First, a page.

In addition—this is crucial—this is a project with benefits that reach far beyond London. We expect up to 15% of slots on a new runway to facilitate domestic connections across the UK, spreading the benefits of expansion to our great nations and regions. As well as new routes, I would expect there to be increased competition on existing routes, giving greater choice to passengers. I say very clearly that regional connectivity is one of the key reasons for the decision we have taken.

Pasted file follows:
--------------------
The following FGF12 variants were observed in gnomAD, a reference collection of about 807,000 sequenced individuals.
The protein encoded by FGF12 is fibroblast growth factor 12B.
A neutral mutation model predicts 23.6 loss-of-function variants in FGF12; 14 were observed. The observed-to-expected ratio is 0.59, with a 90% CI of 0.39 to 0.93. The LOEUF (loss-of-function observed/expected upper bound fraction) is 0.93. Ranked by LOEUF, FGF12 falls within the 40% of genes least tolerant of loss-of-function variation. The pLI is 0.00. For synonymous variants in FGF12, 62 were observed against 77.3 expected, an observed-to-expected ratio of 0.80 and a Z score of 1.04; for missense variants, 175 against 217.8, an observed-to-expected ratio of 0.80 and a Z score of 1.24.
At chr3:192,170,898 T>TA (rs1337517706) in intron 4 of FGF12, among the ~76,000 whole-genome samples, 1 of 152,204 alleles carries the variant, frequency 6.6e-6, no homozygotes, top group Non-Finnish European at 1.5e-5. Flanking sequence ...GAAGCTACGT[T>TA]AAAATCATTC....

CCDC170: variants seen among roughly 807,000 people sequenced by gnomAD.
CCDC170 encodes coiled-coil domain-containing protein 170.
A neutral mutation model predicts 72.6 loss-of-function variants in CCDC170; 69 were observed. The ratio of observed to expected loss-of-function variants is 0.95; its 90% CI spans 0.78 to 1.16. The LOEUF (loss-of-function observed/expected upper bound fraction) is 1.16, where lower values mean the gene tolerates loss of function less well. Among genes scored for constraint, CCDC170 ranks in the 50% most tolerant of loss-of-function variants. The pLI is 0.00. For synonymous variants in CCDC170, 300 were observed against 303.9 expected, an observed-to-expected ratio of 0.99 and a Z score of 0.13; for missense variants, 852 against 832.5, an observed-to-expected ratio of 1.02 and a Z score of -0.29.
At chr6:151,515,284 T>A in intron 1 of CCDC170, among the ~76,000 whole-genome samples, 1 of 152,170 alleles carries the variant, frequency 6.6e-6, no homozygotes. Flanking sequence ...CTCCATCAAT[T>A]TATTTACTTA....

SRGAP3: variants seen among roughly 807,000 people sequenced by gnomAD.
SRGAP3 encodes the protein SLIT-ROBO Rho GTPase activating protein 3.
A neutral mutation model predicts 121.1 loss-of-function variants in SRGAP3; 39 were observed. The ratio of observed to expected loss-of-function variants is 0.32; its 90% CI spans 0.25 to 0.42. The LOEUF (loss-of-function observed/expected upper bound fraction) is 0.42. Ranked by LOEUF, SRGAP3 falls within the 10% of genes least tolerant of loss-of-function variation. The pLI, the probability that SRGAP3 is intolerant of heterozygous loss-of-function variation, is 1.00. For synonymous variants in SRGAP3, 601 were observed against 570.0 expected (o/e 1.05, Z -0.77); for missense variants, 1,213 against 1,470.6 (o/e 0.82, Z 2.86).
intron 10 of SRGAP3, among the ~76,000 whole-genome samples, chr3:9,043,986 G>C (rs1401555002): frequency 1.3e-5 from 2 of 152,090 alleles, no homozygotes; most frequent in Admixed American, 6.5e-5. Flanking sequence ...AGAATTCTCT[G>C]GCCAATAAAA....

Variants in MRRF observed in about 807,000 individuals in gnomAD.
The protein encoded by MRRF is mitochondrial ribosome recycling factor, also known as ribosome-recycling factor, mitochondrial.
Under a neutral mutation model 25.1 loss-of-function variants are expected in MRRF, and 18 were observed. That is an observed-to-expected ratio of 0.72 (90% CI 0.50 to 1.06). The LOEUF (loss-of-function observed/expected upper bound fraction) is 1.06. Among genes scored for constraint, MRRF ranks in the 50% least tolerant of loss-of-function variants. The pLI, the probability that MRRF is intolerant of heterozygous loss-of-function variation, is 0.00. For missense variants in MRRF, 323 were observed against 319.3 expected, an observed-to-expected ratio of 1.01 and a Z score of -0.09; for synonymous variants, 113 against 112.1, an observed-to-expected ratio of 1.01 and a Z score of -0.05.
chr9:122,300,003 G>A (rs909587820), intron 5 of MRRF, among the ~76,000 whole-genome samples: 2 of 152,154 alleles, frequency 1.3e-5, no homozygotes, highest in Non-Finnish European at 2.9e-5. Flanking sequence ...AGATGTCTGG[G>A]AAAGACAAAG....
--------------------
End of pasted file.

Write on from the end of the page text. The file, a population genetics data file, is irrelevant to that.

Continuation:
I recognise the strong convictions that many Members of this House and their constituents have on this issue, and the impacts on those living in the local area. It is for that reason that we have included strong mitigations in the NPS to limit those impacts. Communities will be supported by up to £2.6 billion towards compensation, noise insulation and improvements to public amenities— 10 times bigger than under the 2009 third runway proposal. This package is comparable with some of the most generous in the world and includes £700 million for noise insulation for homes and £40 million to insulate schools and community buildings. The airport has offered 125% of the full market value for homes in the compulsory and voluntary purchase zones, plus stamp duty, moving costs and legal fees, as well as a legally binding noise envelope and more predictable periods of respite.